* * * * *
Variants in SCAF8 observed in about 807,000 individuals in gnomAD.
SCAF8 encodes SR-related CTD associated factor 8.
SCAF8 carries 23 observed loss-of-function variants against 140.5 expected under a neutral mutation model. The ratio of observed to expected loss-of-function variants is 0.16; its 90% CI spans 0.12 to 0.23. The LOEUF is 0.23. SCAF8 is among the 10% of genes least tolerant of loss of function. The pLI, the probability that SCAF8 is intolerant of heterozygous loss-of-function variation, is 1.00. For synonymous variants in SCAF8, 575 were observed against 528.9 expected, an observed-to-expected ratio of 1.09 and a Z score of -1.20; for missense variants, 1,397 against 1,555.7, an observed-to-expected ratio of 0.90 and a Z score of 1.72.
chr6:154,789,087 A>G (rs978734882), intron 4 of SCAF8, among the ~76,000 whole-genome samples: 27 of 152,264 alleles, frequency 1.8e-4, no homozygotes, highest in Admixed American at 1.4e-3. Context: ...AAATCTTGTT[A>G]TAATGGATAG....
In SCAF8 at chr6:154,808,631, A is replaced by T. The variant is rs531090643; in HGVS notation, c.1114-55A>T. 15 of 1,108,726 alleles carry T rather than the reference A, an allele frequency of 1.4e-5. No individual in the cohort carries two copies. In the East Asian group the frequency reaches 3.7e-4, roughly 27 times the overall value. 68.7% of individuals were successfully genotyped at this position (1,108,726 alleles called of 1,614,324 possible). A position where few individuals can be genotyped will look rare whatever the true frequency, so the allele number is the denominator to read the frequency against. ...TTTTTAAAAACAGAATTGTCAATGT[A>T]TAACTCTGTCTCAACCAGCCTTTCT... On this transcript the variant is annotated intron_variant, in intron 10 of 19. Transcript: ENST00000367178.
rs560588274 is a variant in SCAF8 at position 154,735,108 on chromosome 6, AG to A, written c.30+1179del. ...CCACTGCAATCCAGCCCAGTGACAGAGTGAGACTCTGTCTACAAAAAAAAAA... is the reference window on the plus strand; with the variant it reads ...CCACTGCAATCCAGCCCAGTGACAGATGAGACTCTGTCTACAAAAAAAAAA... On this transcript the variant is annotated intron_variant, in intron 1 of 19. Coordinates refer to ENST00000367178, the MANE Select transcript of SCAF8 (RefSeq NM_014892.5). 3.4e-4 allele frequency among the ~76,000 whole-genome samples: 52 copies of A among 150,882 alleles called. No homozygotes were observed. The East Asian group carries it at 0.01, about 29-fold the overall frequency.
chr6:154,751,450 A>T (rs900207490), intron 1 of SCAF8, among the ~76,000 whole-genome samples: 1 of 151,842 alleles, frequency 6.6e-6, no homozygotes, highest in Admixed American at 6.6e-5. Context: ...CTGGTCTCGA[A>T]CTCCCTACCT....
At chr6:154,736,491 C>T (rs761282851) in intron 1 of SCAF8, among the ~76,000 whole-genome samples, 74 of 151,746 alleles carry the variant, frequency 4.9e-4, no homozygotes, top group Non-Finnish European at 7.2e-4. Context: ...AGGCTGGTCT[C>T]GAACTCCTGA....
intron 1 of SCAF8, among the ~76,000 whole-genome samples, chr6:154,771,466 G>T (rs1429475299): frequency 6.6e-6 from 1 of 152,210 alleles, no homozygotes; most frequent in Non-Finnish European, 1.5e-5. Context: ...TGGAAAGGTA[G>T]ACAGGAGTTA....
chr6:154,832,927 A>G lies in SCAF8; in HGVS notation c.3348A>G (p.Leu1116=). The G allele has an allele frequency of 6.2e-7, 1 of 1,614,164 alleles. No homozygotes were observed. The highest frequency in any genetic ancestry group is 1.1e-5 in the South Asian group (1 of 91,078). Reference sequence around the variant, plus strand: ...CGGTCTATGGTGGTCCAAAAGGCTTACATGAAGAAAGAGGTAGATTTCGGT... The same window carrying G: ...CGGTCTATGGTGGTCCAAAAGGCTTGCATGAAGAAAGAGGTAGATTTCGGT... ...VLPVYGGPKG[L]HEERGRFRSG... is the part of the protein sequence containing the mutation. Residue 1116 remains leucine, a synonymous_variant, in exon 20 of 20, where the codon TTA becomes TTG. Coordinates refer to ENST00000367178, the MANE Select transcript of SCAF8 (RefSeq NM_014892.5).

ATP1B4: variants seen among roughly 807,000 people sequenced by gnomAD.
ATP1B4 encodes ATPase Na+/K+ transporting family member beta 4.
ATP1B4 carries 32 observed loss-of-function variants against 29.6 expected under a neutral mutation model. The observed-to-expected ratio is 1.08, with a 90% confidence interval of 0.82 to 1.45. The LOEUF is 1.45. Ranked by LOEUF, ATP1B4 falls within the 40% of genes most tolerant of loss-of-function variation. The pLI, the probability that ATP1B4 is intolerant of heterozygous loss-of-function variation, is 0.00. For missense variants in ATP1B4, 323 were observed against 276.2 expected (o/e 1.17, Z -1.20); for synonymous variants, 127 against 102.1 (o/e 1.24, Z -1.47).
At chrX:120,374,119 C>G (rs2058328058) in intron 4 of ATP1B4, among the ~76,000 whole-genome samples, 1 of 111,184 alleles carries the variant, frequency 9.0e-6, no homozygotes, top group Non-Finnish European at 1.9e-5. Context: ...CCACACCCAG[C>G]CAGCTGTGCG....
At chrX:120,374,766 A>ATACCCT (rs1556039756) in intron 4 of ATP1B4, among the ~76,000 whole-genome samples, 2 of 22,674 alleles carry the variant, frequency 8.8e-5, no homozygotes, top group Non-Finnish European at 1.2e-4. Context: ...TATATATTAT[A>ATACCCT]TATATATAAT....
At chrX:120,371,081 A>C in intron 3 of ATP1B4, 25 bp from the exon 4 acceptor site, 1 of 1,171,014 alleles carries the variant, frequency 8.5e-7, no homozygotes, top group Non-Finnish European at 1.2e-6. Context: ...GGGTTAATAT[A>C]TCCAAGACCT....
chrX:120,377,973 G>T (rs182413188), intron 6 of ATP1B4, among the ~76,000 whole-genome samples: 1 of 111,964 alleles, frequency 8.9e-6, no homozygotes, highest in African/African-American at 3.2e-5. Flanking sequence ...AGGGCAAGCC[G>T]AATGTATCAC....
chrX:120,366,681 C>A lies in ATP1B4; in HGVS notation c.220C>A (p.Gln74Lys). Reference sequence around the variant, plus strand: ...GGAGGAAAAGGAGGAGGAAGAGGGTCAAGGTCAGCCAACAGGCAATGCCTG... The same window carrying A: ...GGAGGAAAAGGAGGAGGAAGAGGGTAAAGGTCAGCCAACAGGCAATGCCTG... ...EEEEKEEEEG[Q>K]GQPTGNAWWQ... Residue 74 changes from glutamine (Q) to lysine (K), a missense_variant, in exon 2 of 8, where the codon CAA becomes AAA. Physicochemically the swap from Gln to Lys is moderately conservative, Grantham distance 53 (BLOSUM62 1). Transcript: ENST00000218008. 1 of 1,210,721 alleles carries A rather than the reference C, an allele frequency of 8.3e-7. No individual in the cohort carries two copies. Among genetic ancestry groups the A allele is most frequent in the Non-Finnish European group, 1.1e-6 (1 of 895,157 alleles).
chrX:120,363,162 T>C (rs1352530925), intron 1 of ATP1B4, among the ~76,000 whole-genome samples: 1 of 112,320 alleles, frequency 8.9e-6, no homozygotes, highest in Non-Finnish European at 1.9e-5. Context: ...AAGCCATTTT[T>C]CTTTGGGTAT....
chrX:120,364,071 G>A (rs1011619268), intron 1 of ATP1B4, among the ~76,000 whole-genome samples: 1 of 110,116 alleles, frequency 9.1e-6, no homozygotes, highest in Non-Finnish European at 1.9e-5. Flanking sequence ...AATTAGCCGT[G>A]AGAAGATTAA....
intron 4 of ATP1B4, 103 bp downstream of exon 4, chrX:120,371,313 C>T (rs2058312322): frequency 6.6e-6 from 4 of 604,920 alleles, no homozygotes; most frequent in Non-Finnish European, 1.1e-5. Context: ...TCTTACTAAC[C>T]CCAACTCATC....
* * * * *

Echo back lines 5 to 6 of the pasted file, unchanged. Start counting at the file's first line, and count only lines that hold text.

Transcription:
In SCAF8 at chr6:154,808,631, A is replaced by T. The variant is rs531090643; in HGVS notation, c.1114-55A>T. 15 of 1,108,726 alleles carry T rather than the reference A, an allele frequency of 1.4e-5. No individual in the cohort carries two copies. In the East Asian group the frequency reaches 3.7e-4, roughly 27 times the overall value. 68.7% of individuals were successfully genotyped at this position (1,108,726 alleles called of 1,614,324 possible). A position where few individuals can be genotyped will look rare whatever the true frequency, so the allele number is the denominator to read the frequency against. ...TTTTTAAAAACAGAATTGTCAATGT[A>T]TAACTCTGTCTCAACCAGCCTTTCT... On this transcript the variant is annotated intron_variant, in intron 10 of 19. Transcript: ENST00000367178.
rs560588274 is a variant in SCAF8 at position 154,735,108 on chromosome 6, AG to A, written c.30+1179del. ...CCACTGCAATCCAGCCCAGTGACAGAGTGAGACTCTGTCTACAAAAAAAAAA... is the reference window on the plus strand; with the variant it reads ...CCACTGCAATCCAGCCCAGTGACAGATGAGACTCTGTCTACAAAAAAAAAA... On this transcript the variant is annotated intron_variant, in intron 1 of 19. Coordinates refer to ENST00000367178, the MANE Select transcript of SCAF8 (RefSeq NM_014892.5). 3.4e-4 allele frequency among the ~76,000 whole-genome samples: 52 copies of A among 150,882 alleles called. No homozygotes were observed. The East Asian group carries it at 0.01, about 29-fold the overall frequency.